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There were three sluices, two at about the same level being in the deeper part of the bank, and one at a slightly higher level near the middle of the southern arm. The middle one (Fig. 128), of which only I have particulars, had a rectangular bisōkoṭuwa 10 feet 5 inches long, parallel to the bank, and 6 feet 3 inches wide. There was a single rectangular stone culvert, 13 inches wide and 12 inches high in the inlet portion, and 12 inches wide and 12 inches high in the outlet part, the latter being raised 3 inches above the floor of the bisōkoṭuwa. The walls, 9 feet 5 inches high, were built of brickwork, and their lower part, for a height of 5 feet 10 inches, was lined with thin monolithic stone slabs, laid on edge.
The brickwork portion of the sluice was repaired or rebuilt several times, there being bricks of four different sizes in it. Some which were 2 inches thick belonged to the tenth or twelfth century A.D., and point to the last restoration of the work.
Others, 17 inches long and 2.33 inches thick, may have been burnt in the first or second century A.D. Those of a third type were 18.18 inches long, 9.12 inches wide, and 3.22 inches thick, Bt. being 29.3 and the contents 534 cubic inches. These belong to the period of very large bricks, extending over the second half of the second century B.C. and the early years of the first century.
The fourth type had a length of 17.75 inches, and a thickness of 2.75 inches, Bt. was 244, and if the width was half the length the contents would be 433 cubic inches. Apparently these bricks cannot belong to the same period as the last ones, and if, as is probable, they are of prior date, they may have been burnt in the third century B.C. It is possible, therefore, that the reservoir may have been constructed at that early period. The flat slopes of the bank also indicate a very early date.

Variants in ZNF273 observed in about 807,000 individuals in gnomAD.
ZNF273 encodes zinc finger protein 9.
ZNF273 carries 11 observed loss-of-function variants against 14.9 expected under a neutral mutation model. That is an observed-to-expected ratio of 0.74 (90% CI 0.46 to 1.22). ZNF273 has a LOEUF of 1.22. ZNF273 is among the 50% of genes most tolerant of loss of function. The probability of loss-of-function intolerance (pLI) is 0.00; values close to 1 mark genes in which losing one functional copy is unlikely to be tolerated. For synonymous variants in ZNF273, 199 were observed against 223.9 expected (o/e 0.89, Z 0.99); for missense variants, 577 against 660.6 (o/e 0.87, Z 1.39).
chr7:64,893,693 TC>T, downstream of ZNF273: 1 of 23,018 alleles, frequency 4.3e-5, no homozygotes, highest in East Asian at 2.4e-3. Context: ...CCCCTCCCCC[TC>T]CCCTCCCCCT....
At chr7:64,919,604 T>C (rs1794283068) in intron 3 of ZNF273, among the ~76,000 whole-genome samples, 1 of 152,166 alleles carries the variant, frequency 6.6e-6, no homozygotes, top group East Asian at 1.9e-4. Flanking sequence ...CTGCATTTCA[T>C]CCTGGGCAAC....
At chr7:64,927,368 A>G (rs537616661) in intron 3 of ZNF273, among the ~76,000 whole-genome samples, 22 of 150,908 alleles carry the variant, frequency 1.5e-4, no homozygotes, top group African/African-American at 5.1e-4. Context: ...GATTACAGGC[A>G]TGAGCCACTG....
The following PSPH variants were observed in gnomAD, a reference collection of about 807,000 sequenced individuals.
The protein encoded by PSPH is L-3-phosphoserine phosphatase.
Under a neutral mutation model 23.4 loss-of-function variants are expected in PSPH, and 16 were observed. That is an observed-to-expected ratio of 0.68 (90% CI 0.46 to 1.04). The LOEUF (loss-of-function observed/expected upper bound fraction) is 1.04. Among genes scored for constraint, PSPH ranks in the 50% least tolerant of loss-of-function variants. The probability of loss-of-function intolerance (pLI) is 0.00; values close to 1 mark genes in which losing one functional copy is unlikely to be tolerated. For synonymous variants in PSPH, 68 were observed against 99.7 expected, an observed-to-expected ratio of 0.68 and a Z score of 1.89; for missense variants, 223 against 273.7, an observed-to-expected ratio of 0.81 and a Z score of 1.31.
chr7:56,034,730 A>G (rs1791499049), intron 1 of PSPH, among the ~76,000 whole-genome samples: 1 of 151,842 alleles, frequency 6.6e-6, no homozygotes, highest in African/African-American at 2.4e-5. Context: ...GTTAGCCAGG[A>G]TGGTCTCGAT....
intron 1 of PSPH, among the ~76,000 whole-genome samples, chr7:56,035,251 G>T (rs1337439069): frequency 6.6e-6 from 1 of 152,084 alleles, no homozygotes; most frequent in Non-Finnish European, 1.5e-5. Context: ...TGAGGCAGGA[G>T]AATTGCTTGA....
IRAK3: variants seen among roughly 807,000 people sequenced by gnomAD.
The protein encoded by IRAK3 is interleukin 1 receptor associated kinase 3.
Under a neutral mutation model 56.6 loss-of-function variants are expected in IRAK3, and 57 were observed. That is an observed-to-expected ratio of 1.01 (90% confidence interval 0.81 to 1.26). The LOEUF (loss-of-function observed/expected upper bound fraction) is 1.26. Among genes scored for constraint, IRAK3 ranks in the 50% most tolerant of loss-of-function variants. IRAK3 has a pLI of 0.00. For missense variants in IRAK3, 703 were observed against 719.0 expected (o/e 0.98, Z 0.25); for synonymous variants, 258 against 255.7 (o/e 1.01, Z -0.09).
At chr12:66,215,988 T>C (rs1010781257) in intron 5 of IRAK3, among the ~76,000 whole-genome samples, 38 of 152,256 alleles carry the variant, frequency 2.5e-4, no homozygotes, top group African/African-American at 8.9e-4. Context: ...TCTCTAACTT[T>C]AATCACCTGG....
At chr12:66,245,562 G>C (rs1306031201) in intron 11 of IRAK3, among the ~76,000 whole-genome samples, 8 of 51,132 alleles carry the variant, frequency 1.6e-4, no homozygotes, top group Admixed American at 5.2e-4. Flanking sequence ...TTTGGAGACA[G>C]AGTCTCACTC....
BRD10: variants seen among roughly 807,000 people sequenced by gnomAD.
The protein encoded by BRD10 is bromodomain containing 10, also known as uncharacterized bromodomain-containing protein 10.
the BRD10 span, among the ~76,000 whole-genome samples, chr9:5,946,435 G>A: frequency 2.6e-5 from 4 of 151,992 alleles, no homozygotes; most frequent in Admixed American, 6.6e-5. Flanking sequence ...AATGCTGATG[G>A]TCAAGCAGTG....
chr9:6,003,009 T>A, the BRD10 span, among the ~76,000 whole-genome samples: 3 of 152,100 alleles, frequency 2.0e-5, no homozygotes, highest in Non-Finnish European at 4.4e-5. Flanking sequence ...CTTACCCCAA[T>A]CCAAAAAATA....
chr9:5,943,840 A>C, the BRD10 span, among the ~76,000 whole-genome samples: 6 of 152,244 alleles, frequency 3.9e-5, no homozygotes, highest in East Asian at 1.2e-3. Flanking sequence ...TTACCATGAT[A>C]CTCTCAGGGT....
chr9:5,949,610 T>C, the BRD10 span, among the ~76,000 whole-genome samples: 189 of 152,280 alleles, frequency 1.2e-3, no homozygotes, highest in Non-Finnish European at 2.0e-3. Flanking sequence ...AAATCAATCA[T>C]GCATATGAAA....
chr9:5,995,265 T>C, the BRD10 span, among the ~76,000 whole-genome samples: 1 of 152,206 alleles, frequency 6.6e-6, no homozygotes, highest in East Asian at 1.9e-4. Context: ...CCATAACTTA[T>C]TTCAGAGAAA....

Three flood-escapes were provided; one at the northern end of the bank, measuring 450 feet in width, but probably scoured out and much widened by floods; one at the southern end about 80 feet in width, these being on the natural surface of the ground; and a waste-weir of stone masonry
built in the angle at the commencement of the southern arm of the bank. Most probably this was of later date than the original formation of the reservoir. It was 270 feet long, and in its form of construction it resembled many subsequent works of the kind (Fig. 129).